Why small talk and friendship are fundamental to faith formation.
When I was at seminary two decades ago, “spiritual direction” was a new trend. Many of us thought that it was the greatest idea we’d ever hit upon, particularly for those who had grown up around very prescriptive approaches to faith.
Spiritual direction, we learned, was like midwifery: A midwife cannot create life or control it. She can only encourage it to fruition and be present to the miracle that is already happening in someone else. In the same way, spiritual directors facilitate growth but aren’t responsible for it. Both the director and directee are in a listening posture, waiting on the Spirit for discernment and attending to the life that God is growing within.
This midwife-to-mother relationship was located, we thought, in the upper atmosphere of spiritual maturity and sought after by believers who were really striving to attain deep faith. We were all talking about it, reading books about it, and wondering where on earth to find a highly trained spiritual director.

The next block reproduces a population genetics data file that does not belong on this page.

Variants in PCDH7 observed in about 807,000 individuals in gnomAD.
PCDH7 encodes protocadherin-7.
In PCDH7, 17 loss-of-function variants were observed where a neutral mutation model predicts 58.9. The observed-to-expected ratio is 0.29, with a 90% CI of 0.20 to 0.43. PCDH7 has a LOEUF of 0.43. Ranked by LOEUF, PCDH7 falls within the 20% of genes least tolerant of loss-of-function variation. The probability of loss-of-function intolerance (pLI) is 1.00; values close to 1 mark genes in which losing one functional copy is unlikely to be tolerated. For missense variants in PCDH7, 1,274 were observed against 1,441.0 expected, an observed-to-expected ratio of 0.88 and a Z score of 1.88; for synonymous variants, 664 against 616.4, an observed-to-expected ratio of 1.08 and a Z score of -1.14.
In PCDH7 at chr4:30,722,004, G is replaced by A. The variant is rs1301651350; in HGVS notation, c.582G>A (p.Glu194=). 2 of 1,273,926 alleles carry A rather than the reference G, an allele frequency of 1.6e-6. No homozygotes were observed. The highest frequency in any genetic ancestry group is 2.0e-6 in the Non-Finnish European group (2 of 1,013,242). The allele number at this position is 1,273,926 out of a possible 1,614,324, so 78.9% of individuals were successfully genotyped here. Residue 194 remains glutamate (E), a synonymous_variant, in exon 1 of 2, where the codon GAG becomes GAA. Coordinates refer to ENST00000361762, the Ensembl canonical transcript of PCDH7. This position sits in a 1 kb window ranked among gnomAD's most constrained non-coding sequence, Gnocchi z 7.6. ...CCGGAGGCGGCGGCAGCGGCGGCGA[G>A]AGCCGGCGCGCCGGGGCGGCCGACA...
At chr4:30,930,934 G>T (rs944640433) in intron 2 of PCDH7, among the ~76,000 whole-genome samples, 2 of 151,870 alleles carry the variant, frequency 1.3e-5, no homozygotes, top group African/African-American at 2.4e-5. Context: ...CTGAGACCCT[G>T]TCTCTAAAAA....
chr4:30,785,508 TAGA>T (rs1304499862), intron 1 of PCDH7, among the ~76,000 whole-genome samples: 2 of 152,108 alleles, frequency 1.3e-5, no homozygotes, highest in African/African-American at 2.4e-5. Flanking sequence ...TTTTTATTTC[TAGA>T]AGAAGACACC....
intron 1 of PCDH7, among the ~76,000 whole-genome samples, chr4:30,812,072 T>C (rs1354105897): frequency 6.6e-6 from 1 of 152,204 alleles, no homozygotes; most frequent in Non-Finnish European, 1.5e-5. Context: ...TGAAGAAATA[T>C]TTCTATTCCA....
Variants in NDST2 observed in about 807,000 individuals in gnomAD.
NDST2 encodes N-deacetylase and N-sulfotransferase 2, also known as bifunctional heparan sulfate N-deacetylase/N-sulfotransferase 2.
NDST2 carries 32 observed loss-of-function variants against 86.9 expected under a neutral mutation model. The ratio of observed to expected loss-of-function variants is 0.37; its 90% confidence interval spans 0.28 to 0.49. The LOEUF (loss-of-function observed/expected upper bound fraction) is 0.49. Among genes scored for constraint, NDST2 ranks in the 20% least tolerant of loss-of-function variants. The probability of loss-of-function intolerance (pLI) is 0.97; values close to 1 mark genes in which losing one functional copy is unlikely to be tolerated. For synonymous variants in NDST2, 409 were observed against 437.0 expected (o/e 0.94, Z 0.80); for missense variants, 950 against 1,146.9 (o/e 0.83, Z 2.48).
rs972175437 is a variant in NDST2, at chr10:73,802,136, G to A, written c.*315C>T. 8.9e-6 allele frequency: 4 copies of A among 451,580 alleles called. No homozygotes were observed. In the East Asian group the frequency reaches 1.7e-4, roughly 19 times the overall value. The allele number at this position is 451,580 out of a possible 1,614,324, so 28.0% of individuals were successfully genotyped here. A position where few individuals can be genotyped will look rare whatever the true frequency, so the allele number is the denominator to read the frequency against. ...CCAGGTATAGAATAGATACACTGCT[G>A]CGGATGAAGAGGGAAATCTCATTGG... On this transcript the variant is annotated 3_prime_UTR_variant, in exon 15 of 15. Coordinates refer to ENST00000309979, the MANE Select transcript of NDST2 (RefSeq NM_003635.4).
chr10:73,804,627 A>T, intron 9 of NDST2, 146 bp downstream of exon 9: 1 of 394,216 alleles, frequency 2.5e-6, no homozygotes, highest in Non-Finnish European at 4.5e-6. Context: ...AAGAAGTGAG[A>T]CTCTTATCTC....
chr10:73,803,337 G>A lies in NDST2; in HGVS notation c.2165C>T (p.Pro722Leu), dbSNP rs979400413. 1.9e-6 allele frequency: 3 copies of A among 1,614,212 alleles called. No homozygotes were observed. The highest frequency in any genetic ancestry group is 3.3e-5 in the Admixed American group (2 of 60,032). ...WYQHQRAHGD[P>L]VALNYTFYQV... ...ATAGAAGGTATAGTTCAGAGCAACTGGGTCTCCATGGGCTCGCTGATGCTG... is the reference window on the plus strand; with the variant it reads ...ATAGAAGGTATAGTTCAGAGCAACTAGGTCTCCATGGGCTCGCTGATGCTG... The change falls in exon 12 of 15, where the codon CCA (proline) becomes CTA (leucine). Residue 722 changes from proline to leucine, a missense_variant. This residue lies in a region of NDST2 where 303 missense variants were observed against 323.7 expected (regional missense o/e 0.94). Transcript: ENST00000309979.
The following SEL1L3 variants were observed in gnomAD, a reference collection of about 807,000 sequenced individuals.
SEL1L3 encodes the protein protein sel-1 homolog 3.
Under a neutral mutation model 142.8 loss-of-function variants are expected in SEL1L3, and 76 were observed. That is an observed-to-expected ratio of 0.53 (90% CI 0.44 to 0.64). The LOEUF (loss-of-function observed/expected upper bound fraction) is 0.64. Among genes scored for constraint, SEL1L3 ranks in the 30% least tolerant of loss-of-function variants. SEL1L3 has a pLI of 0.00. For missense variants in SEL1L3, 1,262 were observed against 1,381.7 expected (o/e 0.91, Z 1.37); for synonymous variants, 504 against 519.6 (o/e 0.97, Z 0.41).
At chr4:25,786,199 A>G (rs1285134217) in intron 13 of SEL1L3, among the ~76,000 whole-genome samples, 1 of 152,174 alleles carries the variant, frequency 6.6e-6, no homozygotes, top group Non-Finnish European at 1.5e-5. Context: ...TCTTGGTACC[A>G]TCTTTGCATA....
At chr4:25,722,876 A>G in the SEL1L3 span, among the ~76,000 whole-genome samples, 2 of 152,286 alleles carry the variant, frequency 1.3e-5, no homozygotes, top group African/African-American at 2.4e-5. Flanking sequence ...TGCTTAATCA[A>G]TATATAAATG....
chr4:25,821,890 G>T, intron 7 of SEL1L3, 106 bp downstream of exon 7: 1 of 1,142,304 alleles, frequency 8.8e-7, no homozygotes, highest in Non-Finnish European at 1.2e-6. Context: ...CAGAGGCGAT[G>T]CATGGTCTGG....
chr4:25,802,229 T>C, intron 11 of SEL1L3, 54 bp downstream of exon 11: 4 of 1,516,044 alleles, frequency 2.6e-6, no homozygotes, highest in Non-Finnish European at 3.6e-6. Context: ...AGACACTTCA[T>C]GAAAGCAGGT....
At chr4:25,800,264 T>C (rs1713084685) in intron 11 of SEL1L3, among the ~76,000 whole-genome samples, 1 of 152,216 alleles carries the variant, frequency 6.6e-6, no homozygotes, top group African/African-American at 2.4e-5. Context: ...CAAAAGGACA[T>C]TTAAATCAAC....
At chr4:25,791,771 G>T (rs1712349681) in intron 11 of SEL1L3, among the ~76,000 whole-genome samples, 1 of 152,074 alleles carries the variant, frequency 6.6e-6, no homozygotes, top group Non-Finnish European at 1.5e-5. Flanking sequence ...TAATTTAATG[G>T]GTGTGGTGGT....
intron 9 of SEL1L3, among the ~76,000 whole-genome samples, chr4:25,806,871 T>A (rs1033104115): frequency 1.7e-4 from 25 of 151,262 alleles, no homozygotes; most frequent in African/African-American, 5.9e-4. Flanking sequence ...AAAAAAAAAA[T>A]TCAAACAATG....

Through twists and turns of God’s will, my husband, Matt, and I found ourselves in Scotland immediately after completing seminary at Regent College. Matt went to serve as a pastor and I went to study John Calvin, but it was there in that Calvinist land, where no one had even heard of that suspiciously Catholic term “spiritual direction,” that Matt and I began learning about the real thing. While we were homesick, lonely, and facing the financial and emotional insecurity of undertaking my PhD, the idea of “spiritual direction” suddenly tumbled from its high place in the upper echelons of spirituality and landed in our laps in a new guise: everyday friendship.
We had a small group of friends who would ...